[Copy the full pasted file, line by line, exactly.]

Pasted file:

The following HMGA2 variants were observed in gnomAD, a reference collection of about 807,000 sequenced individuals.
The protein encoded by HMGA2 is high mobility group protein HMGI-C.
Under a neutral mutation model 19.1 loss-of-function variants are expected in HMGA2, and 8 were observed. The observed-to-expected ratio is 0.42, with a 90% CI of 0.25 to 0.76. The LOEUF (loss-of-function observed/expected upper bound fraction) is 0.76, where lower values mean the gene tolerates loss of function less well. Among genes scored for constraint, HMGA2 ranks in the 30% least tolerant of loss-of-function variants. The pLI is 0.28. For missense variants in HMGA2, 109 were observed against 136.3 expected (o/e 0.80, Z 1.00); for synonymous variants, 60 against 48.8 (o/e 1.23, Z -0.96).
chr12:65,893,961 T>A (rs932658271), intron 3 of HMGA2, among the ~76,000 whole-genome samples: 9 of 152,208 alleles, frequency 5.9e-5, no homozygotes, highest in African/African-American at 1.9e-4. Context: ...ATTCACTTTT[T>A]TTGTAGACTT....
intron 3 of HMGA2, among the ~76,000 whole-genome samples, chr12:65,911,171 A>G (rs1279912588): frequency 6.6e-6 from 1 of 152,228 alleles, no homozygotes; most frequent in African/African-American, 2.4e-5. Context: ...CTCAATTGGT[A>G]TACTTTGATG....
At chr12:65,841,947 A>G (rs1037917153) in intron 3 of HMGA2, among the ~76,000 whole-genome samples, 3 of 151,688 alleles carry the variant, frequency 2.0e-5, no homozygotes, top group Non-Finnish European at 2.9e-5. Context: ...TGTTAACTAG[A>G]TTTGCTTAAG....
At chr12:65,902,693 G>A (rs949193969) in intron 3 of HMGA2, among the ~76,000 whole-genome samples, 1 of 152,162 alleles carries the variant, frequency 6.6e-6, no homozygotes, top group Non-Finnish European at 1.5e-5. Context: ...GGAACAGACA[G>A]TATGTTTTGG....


The following HMGA2 variants were observed in gnomAD, a reference collection of about 807,000 sequenced individuals.
The protein encoded by HMGA2 is high mobility group protein HMGI-C.
Under a neutral mutation model 19.1 loss-of-function variants are expected in HMGA2, and 8 were observed. The observed-to-expected ratio is 0.42, with a 90% CI of 0.25 to 0.76. The LOEUF (loss-of-function observed/expected upper bound fraction) is 0.76, where lower values mean the gene tolerates loss of function less well. Among genes scored for constraint, HMGA2 ranks in the 30% least tolerant of loss-of-function variants. The pLI is 0.28. For missense variants in HMGA2, 109 were observed against 136.3 expected (o/e 0.80, Z 1.00); for synonymous variants, 60 against 48.8 (o/e 1.23, Z -0.96).
chr12:65,893,961 T>A (rs932658271), intron 3 of HMGA2, among the ~76,000 whole-genome samples: 9 of 152,208 alleles, frequency 5.9e-5, no homozygotes, highest in African/African-American at 1.9e-4. Context: ...ATTCACTTTT[T>A]TTGTAGACTT....
intron 3 of HMGA2, among the ~76,000 whole-genome samples, chr12:65,911,171 A>G (rs1279912588): frequency 6.6e-6 from 1 of 152,228 alleles, no homozygotes; most frequent in African/African-American, 2.4e-5. Context: ...CTCAATTGGT[A>G]TACTTTGATG....
At chr12:65,841,947 A>G (rs1037917153) in intron 3 of HMGA2, among the ~76,000 whole-genome samples, 3 of 151,688 alleles carry the variant, frequency 2.0e-5, no homozygotes, top group Non-Finnish European at 2.9e-5. Context: ...TGTTAACTAG[A>G]TTTGCTTAAG....
At chr12:65,902,693 G>A (rs949193969) in intron 3 of HMGA2, among the ~76,000 whole-genome samples, 1 of 152,162 alleles carries the variant, frequency 6.6e-6, no homozygotes, top group Non-Finnish European at 1.5e-5. Context: ...GGAACAGACA[G>A]TATGTTTTGG....